First track and lead-off single ‘Love This’ (acoustic version here) is a bullish, one-sided conversation between a religious sceptic and his doubted God. Featuring a number of superb couplets detailing the logical fallacy of a controlling deity (“How come every man ain’t good? / If it happened overnight would you retire if you could?”). A decent piece of investigative philosophy with a downright catchy chorus, some nice strings, and a superbly humourous one-take video, with Jarvis cast as an arrogantly strutting Devil-child. This is a much more thoughtful debate on the religious question than the burgeoning militant anti-religious (particularly anti-Christian) fervour which currently infests large parts of social media.

‘Train Downtown’ is more complex and no less intriguing, with its talk of leaving a package on a train. What could the package be? Classified documents? A bomb? Elsewhere the lyrics dwell on the surveillance society, and the relationship between a working man and his family. Serious stuff. Musically, there’s a string section, and an electric guitar interlude worthy of the finest early-90s funk-metal shredders. Quite the standout track.

‘Tell Me Who to Be’ is a decent concept in a bland wrapper and a mis-step as the all-important third track on an album. Let’s pretend it isn’t there. As if to prove the inextricable link ‘twixt performer and technology, ‘Lacie’ is a beautiful love song… to his desktop hard disk. Possibly not the very first romantic ode to a piece of computer hardware, but surely one of the most well-expressed (“I burden you with dreams / I can’t hold ‘em all so you’re splitting at the seams”), and could almost be mistaken for a song about a human companion.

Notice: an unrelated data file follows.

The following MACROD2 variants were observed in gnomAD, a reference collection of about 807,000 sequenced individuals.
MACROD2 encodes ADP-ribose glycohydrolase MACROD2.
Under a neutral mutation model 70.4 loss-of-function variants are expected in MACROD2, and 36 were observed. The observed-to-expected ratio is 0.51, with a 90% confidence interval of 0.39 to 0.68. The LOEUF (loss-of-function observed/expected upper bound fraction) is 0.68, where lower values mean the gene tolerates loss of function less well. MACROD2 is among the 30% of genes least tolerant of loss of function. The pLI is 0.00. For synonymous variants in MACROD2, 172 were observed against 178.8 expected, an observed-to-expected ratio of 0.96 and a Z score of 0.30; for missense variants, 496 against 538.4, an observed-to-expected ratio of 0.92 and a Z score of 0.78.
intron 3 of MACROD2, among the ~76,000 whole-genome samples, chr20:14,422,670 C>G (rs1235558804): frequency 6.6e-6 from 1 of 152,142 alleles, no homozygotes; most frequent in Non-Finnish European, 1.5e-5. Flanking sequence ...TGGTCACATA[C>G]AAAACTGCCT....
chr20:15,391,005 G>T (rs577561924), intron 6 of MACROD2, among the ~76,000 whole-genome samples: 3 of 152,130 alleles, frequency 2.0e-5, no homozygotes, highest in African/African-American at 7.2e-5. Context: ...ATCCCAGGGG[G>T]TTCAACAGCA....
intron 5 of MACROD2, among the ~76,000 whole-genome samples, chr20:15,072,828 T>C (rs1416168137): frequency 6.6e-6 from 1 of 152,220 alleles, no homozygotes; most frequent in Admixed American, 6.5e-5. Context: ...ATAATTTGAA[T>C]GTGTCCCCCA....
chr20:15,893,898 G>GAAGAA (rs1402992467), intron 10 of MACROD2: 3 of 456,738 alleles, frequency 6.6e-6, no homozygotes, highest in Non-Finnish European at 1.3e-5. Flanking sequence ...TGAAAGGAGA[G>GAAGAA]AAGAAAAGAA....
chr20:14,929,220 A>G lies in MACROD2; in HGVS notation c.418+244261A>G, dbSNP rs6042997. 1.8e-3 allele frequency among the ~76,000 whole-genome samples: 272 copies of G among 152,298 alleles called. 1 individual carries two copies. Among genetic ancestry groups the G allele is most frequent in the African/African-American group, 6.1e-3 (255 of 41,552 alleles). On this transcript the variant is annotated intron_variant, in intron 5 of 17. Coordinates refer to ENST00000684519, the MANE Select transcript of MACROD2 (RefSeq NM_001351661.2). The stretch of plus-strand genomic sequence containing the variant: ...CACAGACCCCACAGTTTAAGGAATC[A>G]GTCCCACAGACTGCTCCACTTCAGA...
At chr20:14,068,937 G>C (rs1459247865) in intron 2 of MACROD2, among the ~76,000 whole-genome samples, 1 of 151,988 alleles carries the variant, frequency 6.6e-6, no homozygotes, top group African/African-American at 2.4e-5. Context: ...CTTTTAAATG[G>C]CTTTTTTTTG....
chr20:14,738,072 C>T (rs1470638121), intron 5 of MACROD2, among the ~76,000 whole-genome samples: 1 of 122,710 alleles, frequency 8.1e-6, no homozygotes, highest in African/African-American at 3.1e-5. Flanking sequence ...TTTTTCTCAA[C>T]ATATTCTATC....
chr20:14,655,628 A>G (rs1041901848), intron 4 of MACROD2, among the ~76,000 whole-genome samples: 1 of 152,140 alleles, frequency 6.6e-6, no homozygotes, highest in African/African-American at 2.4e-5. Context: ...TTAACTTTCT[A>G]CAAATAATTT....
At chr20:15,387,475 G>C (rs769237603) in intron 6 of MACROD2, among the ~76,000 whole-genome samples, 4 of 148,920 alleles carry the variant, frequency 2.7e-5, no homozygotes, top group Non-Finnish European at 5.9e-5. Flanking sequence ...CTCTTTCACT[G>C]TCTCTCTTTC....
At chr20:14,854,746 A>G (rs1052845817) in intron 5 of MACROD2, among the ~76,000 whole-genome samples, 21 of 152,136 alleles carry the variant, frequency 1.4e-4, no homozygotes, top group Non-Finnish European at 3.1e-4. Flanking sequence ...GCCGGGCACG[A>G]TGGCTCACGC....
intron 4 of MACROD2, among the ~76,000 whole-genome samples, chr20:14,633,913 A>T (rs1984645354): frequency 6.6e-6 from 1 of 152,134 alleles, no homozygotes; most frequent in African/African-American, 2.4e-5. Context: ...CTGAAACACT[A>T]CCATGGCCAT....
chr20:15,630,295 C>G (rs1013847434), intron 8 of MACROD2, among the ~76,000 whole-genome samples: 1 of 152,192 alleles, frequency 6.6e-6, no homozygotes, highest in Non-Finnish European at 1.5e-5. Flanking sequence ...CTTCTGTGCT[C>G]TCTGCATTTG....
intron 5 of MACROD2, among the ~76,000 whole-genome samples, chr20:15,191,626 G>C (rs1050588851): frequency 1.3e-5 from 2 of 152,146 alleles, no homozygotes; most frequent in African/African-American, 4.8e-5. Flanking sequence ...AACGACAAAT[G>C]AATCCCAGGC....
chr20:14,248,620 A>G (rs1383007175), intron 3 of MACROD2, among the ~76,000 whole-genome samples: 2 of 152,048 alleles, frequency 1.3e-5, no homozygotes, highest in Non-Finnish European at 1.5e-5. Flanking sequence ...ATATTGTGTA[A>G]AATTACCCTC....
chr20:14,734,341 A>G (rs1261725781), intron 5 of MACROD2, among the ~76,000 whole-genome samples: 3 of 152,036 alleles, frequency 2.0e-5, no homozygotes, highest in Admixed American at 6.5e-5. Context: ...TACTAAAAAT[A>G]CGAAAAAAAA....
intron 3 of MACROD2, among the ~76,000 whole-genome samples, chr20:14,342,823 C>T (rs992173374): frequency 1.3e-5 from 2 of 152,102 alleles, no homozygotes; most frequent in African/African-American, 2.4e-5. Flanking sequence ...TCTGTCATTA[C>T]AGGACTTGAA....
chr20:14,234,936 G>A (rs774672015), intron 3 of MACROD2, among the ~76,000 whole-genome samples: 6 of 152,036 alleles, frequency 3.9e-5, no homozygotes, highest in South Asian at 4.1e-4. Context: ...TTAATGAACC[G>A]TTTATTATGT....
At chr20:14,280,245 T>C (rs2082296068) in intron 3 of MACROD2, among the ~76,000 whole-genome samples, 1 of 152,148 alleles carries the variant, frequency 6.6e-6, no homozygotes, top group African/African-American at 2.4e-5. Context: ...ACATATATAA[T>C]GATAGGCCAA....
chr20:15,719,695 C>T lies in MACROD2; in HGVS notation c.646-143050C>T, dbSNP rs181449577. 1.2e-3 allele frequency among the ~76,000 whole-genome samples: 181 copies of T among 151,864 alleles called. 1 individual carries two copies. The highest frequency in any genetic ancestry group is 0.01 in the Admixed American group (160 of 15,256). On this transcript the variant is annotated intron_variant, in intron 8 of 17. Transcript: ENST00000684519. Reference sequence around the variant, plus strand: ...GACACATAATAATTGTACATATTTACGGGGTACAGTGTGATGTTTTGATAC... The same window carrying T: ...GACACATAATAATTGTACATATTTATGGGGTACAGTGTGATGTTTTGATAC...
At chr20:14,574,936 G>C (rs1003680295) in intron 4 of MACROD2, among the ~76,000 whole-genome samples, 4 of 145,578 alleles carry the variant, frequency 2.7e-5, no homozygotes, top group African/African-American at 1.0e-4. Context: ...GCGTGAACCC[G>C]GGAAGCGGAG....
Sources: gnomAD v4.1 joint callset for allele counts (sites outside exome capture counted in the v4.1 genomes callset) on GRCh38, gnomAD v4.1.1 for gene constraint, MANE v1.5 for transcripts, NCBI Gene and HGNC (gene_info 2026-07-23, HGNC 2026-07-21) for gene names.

CP/M
I used to love you CP/M
Screens were small and green back then
I spoke your language
CP/M

Then I found another boss
Who looked like you, our paths did cross
Twixt friends of friends
MS-DOS

But even still one heard of those
Whose brains could not decipher code
Instead they chose
Windows

And that was it, and there I stayed
Through thick and thin, multi-paned
Endlessly upgrade
Thanks, Gates

Figure 1. A demonstration of the difficulty of artfully expressing technological sentiment

Elsewhere, the album touches on country-rock (a cover of the Grateful Dead’s ‘Friend of the Devil’), suicide-tinged balladry (‘Hopeless Bay’), and upbeat optimism (‘Think Bigger’). What’s notable in this collection is that despite the range of themes and musical styles, there is a singular storytelling voice at its heart. Jarvis is a polymath, a talented musician with a parallel love for the moving image, especially if it has him in it. His prolific output inevitably leads some to concentrate on weaker material and dismiss him as a talentless chancer. But he is blessed with a fine ear for a catchy melody, intriguing lyrical content, and excellent musicianship.

Some of the greatest musicians of our time (Bob Dylan, Neil Young) are known for their prolific, variously-styled releases, not all of which are classics. Jarvis shares this attribute. He’s unlikely ever to be a darling of the media – he appears to eschew trends, and espouses an independent worldview largely incompatible with the cosy unwritten agreements between trendy bands and fawning media which all too often value presentation over musical substance. I imagine this suits Jarvis just fine; he has a burgeoning fanbase already, and as this release shows, his musical output is increasing in both quality and consistency, not to mention the imminent release of his oddly-plotted debut feature film The Naughty Room (trailer below). This particular meme has a lot further to run.

7.5/10

Cosmo Jarvis’ ‘Think Bigger’ album is available now from 25the Frame Productions.

[youtube]http://www.youtube.com/watch?v=UjAvrrm4rh4[/youtube]